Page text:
(2 of 2)
On hope versus reality
I had the pessimistic-optimistic thing, like up and down. Now I don't have any hope, just don't bother about thinking about it anymore. In fact, what you have right now is something that is really so fragile that it cannot hold anything and can go either way. The only thing that can keep it together is the money that is pumped into these groups, which was supposed to be done at the beginning, not now. Almost everyone has a plan to not stay there. I know only two people out of my whole family who no matter what are going to stay there.
On the U.S. strategy
I wanted them to remove Saddam, but the way they were going to execute it was horrible by all means. There were no people who understand the whole culture and how things work. When you had Garner in charge, I was a little bit okay because he had experience in Northern Iraq before. But then when Paul Brenner took over, it was like someone who just read about Iraq before coming in there. How do you get someone like that in charge? I knew it was going to go south right away. We've always argued that after Saddam would be gone, how long it will take Iraq to get back. Everyone would say two to three years because of the resources that Iraq had. Some people would say more.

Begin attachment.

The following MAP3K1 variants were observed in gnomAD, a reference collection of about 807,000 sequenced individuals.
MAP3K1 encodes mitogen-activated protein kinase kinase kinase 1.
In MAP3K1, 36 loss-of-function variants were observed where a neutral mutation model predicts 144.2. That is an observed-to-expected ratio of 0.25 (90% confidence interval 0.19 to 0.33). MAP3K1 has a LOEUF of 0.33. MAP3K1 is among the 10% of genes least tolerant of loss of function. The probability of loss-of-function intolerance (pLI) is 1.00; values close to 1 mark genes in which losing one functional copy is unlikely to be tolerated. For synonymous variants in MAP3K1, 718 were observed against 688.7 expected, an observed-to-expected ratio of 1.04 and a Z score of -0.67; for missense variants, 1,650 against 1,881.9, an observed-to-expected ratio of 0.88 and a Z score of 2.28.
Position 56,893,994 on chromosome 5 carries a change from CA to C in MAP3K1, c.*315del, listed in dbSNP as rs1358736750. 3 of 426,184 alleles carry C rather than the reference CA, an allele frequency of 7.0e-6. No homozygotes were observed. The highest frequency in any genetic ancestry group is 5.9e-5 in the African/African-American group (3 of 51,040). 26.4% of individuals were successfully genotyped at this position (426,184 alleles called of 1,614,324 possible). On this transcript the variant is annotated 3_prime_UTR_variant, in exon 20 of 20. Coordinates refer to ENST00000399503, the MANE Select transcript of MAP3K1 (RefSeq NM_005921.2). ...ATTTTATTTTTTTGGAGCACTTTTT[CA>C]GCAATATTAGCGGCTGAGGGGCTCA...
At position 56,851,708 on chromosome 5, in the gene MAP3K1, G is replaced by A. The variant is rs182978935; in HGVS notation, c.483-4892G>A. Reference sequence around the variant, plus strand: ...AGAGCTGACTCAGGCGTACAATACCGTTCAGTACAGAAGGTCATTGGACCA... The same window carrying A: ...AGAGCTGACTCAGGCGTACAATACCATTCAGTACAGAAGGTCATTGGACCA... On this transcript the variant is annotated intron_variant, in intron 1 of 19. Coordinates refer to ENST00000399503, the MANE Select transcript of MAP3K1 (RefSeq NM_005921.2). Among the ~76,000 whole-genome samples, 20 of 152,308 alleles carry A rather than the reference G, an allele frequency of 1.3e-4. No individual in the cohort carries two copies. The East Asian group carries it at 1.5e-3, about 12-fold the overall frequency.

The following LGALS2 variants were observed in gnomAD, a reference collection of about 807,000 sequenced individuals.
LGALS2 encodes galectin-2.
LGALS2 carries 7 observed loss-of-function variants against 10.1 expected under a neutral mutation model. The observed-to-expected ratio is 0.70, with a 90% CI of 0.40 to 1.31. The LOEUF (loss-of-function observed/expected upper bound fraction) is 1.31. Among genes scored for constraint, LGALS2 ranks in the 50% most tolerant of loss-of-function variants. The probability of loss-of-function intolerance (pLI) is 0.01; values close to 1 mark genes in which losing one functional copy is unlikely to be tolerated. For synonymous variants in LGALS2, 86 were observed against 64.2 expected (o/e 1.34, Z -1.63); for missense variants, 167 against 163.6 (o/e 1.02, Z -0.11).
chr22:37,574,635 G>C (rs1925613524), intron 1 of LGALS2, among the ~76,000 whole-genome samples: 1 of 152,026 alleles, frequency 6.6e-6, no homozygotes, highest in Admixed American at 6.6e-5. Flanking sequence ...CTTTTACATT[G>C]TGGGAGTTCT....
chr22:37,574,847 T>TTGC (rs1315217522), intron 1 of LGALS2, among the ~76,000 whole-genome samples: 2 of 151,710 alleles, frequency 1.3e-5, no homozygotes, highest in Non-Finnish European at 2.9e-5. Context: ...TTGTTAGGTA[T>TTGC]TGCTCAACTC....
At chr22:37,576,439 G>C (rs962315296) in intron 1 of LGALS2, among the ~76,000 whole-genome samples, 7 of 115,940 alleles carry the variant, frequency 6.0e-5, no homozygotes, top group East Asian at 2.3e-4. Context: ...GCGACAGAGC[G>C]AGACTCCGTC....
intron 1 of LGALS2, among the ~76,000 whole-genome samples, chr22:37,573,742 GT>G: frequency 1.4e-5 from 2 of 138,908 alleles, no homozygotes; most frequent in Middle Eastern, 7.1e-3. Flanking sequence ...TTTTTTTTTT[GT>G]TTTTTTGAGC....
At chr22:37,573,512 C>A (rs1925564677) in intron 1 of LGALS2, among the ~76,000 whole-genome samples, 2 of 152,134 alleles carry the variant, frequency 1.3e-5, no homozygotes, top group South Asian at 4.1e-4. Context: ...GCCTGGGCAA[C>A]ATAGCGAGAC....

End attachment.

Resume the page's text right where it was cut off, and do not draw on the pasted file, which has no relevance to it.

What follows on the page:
On the country's death toll
You don't know how to think about it. After a while, it's kind of like the same suffering on each side. And violence could mean terror attacks and it could mean war. As long as you get civilian involved, it's violence. You have real war when you have two armies fighting and there is no cities involved, no civilians involved. When you get the cities involved, that's violence against civilians no matter who is doing it.
On visiting Iraq again
Three years ago, I would have said I wish I could travel right away. When I first left, I was so emotional about Iraq. Now I care less. I try to care less because it's very hard to be associated with a place that you don't know if it's even going to get back to what it was. Now according to what I hear, the country is almost ruined. If I go now and see the damage that's happening, I will not have the images that I had before.
On the blogs he started
I have a fascination with Baghdad, and my website is called from "Baghdad to New York" because I compare New York to Baghdad all the time. When I started the website at the end of 2002, my idea was to get people here to understand Iraq in a different way the people not what the government represents. I started something else for Iraqis and that one is also very popular. We are trying to preserve the Iraqi accent because most of the people are growing up outside [of Iraq] now.